Dr. Joseph Wise
Superintendent of Schools
Duval County Public Schools
1701 Prudential Drive
Jacksonville, FL 32207
                                                                                                                        March 16, 2007
Dear Dr. Wise:

We are troubled by media reports of efforts to remove a number of books from two public school libraries in Duval County.  We understand that parents have objected to Vegan Virgin Valentine by Carolyn Mackler at Mandarin High School and to Lucky by Eddie de Oliveira, Beyond the Chocolate War by Robert Cormier, Tiger Eyes by Judy Blume, and Olive’s Ocean by Kevin Henkes at LaVilla School of the Arts.  Most of the objections concern the allegedly “offensive” language in the books.  In the case of Lucky, the critics dislike the protagonist’s questioning of his own sexuality.

At minimum, some challengers want parental permission to be required for middle and high school students who want to check the books out of the libraries.  According to recent news reports, parents have initiated a district review process for Vegan Virgin Valentine to assess the book’s “appropriateness.”

We strongly urge you to resist such efforts. The task of selecting books for inclusion in school libraries properly belongs to professional educators. Parents may be equipped to make reading choices for their own children, but, no matter how well-intentioned, they simply are not equipped to make decisions for others.  The opinions of the parents who seek to place restrictions on Vegan Virgin Valentine, Lucky, Tiger Eyes, Beyond the Chocolate War, and Olive’s Ocean, are not shared by all. They have no right to impose their views on others or demand that the district’s libraries reflect their personal preferences.

Attacking ideas and books for addressing issues related to sexuality and gender identity is destructive and antithetical to any school’s educational mission, creating instead a climate of fear and intimidation rather than open, reasoned discussion and learning.  Vegan Virgin Valentine is in fact well regarded by librarians, parents, and young readers alike. The School Library Journal says the book presents “the universal theme of growing up and figuring out what’s important” and notes that “[t]his title will have strong appeal for teens grappling with these same questions.”  Readers have said that the book “inspired me to be myself,” that it speaks “about a family and their everyday life with family problems and how to deal with those problems,” and that the story has “a lot of similarities to my own life.” Lucky presents the story of a teenager attracted to both boys and girls “who is trying to find where he fits in.”  The book addresses questions and themes relevant to some students, regardless of whether all parents choose to acknowledge the fact.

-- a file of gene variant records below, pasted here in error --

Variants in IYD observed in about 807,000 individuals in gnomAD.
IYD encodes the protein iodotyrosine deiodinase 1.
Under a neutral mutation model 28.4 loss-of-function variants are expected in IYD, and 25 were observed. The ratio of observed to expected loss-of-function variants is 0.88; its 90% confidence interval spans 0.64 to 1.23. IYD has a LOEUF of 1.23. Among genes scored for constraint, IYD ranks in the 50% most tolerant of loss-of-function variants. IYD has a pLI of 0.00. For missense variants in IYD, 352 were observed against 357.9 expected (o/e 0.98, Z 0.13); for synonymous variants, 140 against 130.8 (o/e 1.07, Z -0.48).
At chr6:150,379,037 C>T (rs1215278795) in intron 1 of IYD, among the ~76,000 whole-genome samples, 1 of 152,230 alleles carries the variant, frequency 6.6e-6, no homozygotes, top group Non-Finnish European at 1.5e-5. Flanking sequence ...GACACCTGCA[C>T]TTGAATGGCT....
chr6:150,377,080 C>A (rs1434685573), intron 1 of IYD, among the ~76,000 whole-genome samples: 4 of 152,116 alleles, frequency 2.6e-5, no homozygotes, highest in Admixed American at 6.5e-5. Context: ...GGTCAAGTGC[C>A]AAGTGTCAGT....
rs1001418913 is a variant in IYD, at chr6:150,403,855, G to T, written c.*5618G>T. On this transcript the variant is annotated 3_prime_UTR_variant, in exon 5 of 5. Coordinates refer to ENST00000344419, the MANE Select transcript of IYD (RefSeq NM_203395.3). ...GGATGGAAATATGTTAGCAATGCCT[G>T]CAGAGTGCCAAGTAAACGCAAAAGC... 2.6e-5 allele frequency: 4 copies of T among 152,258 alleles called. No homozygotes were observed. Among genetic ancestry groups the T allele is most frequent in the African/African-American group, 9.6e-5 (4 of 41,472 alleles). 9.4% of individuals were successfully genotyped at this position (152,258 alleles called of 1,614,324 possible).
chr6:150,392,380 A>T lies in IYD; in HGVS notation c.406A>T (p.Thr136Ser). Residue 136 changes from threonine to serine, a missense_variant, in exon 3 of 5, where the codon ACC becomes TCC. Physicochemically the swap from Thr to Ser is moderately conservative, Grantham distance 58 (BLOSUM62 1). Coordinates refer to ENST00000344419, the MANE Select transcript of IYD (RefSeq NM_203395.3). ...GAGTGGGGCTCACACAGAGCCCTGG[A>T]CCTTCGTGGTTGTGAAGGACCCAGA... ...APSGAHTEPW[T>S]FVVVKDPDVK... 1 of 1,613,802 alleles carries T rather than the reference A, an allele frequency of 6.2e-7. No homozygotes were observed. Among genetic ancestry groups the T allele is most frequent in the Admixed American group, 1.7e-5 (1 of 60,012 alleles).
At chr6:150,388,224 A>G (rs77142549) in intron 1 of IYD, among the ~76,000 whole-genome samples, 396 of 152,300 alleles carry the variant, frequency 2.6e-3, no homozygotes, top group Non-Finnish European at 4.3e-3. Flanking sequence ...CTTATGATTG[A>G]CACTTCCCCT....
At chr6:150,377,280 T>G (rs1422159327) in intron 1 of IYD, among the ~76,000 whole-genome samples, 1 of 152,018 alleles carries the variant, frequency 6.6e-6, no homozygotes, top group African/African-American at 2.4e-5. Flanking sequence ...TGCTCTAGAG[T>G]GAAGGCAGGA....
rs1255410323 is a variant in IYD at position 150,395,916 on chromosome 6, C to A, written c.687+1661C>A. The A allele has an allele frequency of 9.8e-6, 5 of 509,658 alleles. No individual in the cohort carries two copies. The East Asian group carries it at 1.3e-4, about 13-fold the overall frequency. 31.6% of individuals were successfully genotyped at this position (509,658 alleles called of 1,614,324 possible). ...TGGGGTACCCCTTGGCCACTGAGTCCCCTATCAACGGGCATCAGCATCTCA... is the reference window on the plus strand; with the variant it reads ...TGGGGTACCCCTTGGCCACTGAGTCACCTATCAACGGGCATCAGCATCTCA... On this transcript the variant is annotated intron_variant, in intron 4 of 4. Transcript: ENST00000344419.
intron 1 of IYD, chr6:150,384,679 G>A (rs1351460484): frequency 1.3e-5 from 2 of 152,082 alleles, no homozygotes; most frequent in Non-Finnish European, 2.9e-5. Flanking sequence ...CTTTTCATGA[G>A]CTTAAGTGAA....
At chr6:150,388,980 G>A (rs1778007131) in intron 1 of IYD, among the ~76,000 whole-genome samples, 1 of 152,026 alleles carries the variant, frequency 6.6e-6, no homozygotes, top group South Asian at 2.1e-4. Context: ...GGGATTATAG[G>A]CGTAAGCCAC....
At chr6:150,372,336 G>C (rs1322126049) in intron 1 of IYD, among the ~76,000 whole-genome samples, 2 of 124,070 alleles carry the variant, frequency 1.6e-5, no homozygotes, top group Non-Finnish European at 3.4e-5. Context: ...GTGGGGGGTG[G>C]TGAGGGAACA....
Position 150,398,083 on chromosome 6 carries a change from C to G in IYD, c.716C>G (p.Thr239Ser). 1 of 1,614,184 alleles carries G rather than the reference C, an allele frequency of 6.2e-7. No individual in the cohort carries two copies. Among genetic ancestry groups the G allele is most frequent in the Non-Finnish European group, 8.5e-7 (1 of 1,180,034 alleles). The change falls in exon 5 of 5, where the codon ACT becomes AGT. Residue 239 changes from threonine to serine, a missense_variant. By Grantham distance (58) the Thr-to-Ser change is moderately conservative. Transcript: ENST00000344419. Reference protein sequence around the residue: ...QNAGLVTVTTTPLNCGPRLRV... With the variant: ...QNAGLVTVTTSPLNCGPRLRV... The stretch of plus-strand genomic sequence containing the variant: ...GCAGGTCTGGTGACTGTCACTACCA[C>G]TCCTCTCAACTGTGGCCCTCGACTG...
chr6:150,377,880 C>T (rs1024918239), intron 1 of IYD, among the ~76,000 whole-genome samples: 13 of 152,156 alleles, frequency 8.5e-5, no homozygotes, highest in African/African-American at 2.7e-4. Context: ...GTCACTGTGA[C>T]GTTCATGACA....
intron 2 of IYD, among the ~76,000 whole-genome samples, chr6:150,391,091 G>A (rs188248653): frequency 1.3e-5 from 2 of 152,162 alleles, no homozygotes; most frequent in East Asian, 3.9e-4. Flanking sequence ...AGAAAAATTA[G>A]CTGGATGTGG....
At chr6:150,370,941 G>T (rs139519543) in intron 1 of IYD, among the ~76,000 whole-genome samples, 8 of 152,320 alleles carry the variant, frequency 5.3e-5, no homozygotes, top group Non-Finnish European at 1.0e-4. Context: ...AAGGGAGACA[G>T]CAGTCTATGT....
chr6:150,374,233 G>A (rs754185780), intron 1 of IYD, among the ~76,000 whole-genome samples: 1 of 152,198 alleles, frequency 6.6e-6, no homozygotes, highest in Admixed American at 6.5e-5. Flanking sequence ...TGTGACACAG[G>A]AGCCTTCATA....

School officials are bound by constitutional considerations, including a duty not to discriminate against unpopular or controversial ideas. The U.S. Supreme Court has cautioned that, "local school boards may not remove books from library shelves simply because they dislike the ideas contained in those books and seek by their removal to ‘prescribe what shall be orthodox in politics, nationalism, religion, or other matters of opinion.’" Board of Education v. Pico, 457 U.S. 853, 872 (1982) (plurality opinion).  This constitutional duty applies with particular force in the school library, which, unlike the classroom, has "a special role…as a place where students may freely and voluntarily explore diverse topics." Campbell v. St. Tammany Parish School Board, 64 F.3d 184, 190 (5th Cir. 1995).